There were red smears afterwards, on his shirt, from where she’d started to undo his buttons; but it was the first time he’d ever kissed a woman, and he’d been embarrassed, and then alarmed, and hadn’t known what to do next. Probably she’d laughed at him.
[…] and one day they did see a bear, and Nancy ran away screaming, and climbed a tree. Sally said the bear was more frightened than Nancy was, and Nancy said it was probably a gentleman bear and it was running away from something dangerous that it had never seen before, but might have caught a glimpse of as she climbed the tree; and they laughed very much.
So there I was, pretending not to watch, and there he was, pretending not to be watched; and you may see the very same thing, Sir, at any polite gathering of society ladies and gentlemen. There is a good deal that can be seen slantwise, especially by the ladies, who do not wish to be caught staring. They can also see through veils, and window curtains, and over the tops of fans; and it is a good thing they can see in this way, or they would never see much of anything. But those of us who do not have to be bothered with all the veils and fans manage to see a good deal more.
But is it red where it most counts, says the other, a fire in a treetop is no use at all, it must be in a fireplace to cast enough heat, in a little cookstove, you know why God made women with skirts, it’s so they can be pulled up over their heads and tied at the top, that way you don’t get so much noise out of them, I hate a screeching slut, women should be born without mouths on them, the only thing of use in them is below the waist.
Underneath her stiff dress there must be breasts, not starched and corset-shaped, but made of soft flesh, with nipples; he finds himself idly guessing what colour these nipples would be, in sunlight or else in lamplight, and how large. Nipples pink and small like the snouts of animals, of rabbits or mice perhaps; or the almost-red of ripening currants; or the scaly brown of acorn caps. His imagination runs, he notes, to wildwood details, and to things hard or alert.
But he’ll pry it out of her yet. He’s got the hook in her mouth, but can he pull her out? Up, out of the abyss, up to the light. Out of the deep blue sea.
He wonders why he’s thinking in such drastic terms. He means her well, he tells himself. He thinks of it as a rescue, surely he does.
But does she? If she has anything to hide, she may want to stay in the water, in the dark, in her element. She may be afraid she won’t be able to breathe, otherwise.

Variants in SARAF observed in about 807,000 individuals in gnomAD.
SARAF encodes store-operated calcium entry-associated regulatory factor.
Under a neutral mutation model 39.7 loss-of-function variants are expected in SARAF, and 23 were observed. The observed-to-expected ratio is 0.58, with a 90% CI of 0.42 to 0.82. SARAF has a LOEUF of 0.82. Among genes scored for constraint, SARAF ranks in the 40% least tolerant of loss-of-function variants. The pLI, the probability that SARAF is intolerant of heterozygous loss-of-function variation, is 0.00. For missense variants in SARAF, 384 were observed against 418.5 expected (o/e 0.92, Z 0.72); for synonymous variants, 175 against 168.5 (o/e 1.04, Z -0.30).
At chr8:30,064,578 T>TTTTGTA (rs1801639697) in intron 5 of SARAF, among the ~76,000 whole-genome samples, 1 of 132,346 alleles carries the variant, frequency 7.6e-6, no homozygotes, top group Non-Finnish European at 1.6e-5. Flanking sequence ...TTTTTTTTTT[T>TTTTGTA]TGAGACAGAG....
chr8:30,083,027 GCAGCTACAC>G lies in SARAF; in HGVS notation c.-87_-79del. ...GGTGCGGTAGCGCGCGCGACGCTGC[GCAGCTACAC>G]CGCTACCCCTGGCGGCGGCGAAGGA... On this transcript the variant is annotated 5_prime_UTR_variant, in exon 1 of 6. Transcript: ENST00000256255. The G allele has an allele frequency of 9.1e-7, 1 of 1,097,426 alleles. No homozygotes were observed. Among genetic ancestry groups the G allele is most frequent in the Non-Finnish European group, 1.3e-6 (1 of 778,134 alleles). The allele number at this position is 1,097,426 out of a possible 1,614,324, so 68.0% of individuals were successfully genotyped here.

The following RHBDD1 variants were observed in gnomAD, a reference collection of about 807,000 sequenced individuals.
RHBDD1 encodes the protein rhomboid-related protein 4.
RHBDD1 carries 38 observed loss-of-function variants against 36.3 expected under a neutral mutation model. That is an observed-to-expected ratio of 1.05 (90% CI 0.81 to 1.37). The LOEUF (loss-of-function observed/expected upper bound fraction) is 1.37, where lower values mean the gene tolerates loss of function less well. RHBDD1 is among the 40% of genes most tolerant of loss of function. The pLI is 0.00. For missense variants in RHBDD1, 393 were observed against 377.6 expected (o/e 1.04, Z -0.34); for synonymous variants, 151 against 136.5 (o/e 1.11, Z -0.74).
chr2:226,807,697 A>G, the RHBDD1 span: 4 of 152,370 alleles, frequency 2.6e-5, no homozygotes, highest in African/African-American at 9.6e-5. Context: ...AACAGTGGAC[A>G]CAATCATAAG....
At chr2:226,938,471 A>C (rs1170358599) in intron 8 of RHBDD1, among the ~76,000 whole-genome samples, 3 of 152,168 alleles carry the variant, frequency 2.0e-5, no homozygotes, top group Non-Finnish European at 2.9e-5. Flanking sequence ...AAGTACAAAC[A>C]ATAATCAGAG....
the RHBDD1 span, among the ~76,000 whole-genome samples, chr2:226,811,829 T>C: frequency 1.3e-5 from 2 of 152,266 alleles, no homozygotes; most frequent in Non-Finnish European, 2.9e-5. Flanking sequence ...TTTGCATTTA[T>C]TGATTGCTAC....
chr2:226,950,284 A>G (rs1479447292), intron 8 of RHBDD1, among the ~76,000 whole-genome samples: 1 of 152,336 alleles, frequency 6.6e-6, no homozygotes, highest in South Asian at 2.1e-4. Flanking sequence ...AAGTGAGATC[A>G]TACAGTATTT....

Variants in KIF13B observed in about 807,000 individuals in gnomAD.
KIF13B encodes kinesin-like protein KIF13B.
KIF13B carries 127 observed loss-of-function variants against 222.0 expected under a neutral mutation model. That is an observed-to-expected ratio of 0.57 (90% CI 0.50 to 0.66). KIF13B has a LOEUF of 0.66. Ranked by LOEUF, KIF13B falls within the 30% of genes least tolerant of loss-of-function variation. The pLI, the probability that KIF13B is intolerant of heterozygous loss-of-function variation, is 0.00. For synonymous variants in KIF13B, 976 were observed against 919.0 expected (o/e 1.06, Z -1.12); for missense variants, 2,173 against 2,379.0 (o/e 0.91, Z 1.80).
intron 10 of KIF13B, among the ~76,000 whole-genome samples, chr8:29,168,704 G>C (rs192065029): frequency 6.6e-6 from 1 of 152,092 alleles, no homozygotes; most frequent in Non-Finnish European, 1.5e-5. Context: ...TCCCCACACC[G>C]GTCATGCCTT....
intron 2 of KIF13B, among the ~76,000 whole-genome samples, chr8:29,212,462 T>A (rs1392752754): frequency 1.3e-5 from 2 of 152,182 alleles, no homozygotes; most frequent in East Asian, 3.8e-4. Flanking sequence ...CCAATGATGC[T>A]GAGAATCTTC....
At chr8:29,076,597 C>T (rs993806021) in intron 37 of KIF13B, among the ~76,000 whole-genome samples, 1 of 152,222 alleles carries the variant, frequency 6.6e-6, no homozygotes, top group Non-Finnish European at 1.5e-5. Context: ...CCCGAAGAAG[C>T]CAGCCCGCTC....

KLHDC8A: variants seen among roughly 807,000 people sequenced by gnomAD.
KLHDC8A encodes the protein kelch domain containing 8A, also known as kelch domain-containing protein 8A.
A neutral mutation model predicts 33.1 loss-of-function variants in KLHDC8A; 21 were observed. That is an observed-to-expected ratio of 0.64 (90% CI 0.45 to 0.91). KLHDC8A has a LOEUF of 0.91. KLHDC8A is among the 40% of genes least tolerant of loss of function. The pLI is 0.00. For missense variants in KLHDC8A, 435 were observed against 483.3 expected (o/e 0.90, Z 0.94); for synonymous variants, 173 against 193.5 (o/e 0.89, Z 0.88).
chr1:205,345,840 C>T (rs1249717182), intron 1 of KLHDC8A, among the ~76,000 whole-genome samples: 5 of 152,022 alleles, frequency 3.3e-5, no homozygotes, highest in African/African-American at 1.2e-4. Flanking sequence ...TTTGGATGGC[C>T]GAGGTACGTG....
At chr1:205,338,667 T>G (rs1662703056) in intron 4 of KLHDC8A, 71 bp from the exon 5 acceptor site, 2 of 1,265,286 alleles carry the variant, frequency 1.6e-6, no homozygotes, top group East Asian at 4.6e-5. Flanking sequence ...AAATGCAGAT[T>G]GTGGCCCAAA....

During the day, Rachel is a burden, an encumbrance, and he wishes to be rid of her; but at night she’s an altogether different person, and so is he. He too says no when he means yes. He means more, he means further, he means deeper. He would like to make an incision in her—just a small one—so he can taste her blood, which in the shadowy darkness of the bedroom seems to him like a normal wish to have.
Then there are his own requirements. There is passion in Grace somewhere, he’s certain of it, although it would take some hunting for. And she’d be grateful to him, albeit reluctantly. Gratitude by itself does not enthral [sic] him, but he likes the idea of reluctance.
He’ll begin to tiptoe up the stairs, intending to avoid her. Then he’ll turn around, make his way to her room, shake her roughly awake. Tonight he’ll hit her, as she’s begged him to; he’s never done that before, it’s something new. He wants to punish her for his own addiction to her. He wants to make her cry; though not too loudly, or Dora will hear them, and trumpet scandal.
But three of the triangles in my Tree will be different. One will be white, from the petticoat I still have that was Mary Whitney’s; one will be faded yellowish, from the prison nightdress I begged as a keepsake when I left there. And the third will be a pale cotton, a pink and white floral, cut from the dress of Nancy’s that she had on the first day I was at Mr. Kinnear’s, and that I wore on the ferry to Lewiston, when I was running away.
I will embroider around each one of them with red feather-stitching, to blend them in as a part of the pattern.
And so we will all be together.